Virginia Supreme Court blocks evictions as a serious issue is exposed

Image via The Virginia-Pilot

Image via The Virginia-Pilot

Helen Ehrlich, Editor-In-Chief

A renting crisis is looming in the United States. The U.S. is going to experience an eviction wave like never before. Mass evictions will sweep the nation, as many renters find themselves unable to pay their rent amidst the pandemic. The Supreme Court of Virginia has placed a moratorium (a suspension or block) on evictions until September 7, 2020.


In a normal year, Richmond, Virginia already sets the standard for high eviction rates, as a national hotspot. In 2016, Richmond was second in the nation for high eviction rates. About 1 in 9 renters in Richmond were issued eviction judgments, and white tenants were less likely to face eviction. This is only getting worse.


20% of Virginians who answered the U.S. Census Bureau’s Household Pulse Survey stated that they were unable to pay their rent that month, or weren’t confident they would be able to pay it next month. This hit Virginia’s minority communities hardest, as Black and Latino Virginians disproportionately answered that they were unable to pay. “…This program will have an equity lens and target outreach to those communities,” Governor Northam said.


Unemployment is up in Virginia, and without the regular business and tourism that sustains the state, it is only going to continue to worsen. Predictions state that there will be an economic crisis that completely overshadows the 2008 recession, and that will impact housing. The taxes that landlords pay directly benefit communities, but a wave of homelessness will sweep the states if renters are displaced in the middle of a pandemic.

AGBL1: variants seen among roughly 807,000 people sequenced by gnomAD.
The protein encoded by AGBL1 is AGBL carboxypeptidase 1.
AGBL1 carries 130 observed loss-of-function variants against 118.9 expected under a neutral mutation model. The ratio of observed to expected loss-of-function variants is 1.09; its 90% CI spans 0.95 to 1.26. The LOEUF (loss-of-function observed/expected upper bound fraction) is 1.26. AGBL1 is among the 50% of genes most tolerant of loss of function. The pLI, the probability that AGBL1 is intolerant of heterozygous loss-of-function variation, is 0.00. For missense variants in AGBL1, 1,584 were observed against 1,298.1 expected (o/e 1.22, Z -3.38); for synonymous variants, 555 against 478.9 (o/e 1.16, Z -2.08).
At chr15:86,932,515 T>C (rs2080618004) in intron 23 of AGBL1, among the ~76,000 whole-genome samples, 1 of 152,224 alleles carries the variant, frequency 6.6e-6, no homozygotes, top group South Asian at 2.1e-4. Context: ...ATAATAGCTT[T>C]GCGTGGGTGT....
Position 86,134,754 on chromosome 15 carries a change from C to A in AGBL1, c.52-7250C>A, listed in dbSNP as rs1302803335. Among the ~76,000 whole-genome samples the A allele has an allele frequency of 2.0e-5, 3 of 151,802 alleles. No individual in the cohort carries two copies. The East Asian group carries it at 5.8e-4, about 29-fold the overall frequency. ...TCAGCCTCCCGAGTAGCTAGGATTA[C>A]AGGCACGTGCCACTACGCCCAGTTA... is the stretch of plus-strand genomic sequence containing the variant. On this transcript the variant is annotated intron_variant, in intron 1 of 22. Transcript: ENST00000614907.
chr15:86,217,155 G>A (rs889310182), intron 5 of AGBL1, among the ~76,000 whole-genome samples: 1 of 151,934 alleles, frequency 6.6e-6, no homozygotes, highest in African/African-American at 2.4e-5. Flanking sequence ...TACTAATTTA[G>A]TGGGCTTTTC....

The moratorium was put into place in March, but it expired. Local courts were blocking evictions in the transitional period, and the flood of evictions that were filed during that time shed a light on what is to come. Lawmakers will meet again on August 18, 2020 and Governor Northam wants to specifically focus on eviction-related legislation. There is a $50 million rent and mortgage relief program that is prepared to take effect.


The document reads, “Evictions for failure to pay rent have become a national crisis in these times of economic difficulties. There is not a person on this Court who does not share a deep concern for people in these circumstances. The differences expressed in this order have to do with the proper manner to address this issue.”


As in many cases, the pandemic is revealing inequalities and weak spots that have forced people to suffer quietly for many years. The fragility of Virginia’s renting has always been a problem, particularly for Black and Latino citizens, now it has been amplified.